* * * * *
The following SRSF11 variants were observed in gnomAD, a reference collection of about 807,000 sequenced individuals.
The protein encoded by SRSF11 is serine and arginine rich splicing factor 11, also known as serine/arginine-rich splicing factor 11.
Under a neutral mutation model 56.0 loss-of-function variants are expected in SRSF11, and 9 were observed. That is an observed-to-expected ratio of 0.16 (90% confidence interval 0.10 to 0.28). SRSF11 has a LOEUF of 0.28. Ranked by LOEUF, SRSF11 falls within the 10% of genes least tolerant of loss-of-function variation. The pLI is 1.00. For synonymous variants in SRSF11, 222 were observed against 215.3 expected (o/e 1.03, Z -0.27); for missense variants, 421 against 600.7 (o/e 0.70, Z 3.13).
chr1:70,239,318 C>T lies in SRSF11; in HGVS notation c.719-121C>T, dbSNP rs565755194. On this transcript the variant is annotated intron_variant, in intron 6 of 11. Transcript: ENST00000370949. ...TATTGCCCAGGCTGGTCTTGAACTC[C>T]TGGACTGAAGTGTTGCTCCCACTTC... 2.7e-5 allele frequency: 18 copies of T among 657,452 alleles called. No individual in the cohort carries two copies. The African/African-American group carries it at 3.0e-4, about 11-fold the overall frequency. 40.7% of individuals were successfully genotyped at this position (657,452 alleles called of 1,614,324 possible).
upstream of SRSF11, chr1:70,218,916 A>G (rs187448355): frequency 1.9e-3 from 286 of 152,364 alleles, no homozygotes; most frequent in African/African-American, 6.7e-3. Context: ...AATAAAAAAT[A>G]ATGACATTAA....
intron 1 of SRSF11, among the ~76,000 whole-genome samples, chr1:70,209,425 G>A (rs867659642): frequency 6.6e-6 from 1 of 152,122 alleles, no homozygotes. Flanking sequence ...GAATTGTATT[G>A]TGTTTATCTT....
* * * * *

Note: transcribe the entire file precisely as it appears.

The following SRSF11 variants were observed in gnomAD, a reference collection of about 807,000 sequenced individuals.
The protein encoded by SRSF11 is serine and arginine rich splicing factor 11, also known as serine/arginine-rich splicing factor 11.
Under a neutral mutation model 56.0 loss-of-function variants are expected in SRSF11, and 9 were observed. That is an observed-to-expected ratio of 0.16 (90% confidence interval 0.10 to 0.28). SRSF11 has a LOEUF of 0.28. Ranked by LOEUF, SRSF11 falls within the 10% of genes least tolerant of loss-of-function variation. The pLI is 1.00. For synonymous variants in SRSF11, 222 were observed against 215.3 expected (o/e 1.03, Z -0.27); for missense variants, 421 against 600.7 (o/e 0.70, Z 3.13).
chr1:70,239,318 C>T lies in SRSF11; in HGVS notation c.719-121C>T, dbSNP rs565755194. On this transcript the variant is annotated intron_variant, in intron 6 of 11. Transcript: ENST00000370949. ...TATTGCCCAGGCTGGTCTTGAACTC[C>T]TGGACTGAAGTGTTGCTCCCACTTC... 2.7e-5 allele frequency: 18 copies of T among 657,452 alleles called. No individual in the cohort carries two copies. The African/African-American group carries it at 3.0e-4, about 11-fold the overall frequency. 40.7% of individuals were successfully genotyped at this position (657,452 alleles called of 1,614,324 possible).
upstream of SRSF11, chr1:70,218,916 A>G (rs187448355): frequency 1.9e-3 from 286 of 152,364 alleles, no homozygotes; most frequent in African/African-American, 6.7e-3. Context: ...AATAAAAAAT[A>G]ATGACATTAA....
intron 1 of SRSF11, among the ~76,000 whole-genome samples, chr1:70,209,425 G>A (rs867659642): frequency 6.6e-6 from 1 of 152,122 alleles, no homozygotes. Flanking sequence ...GAATTGTATT[G>A]TGTTTATCTT....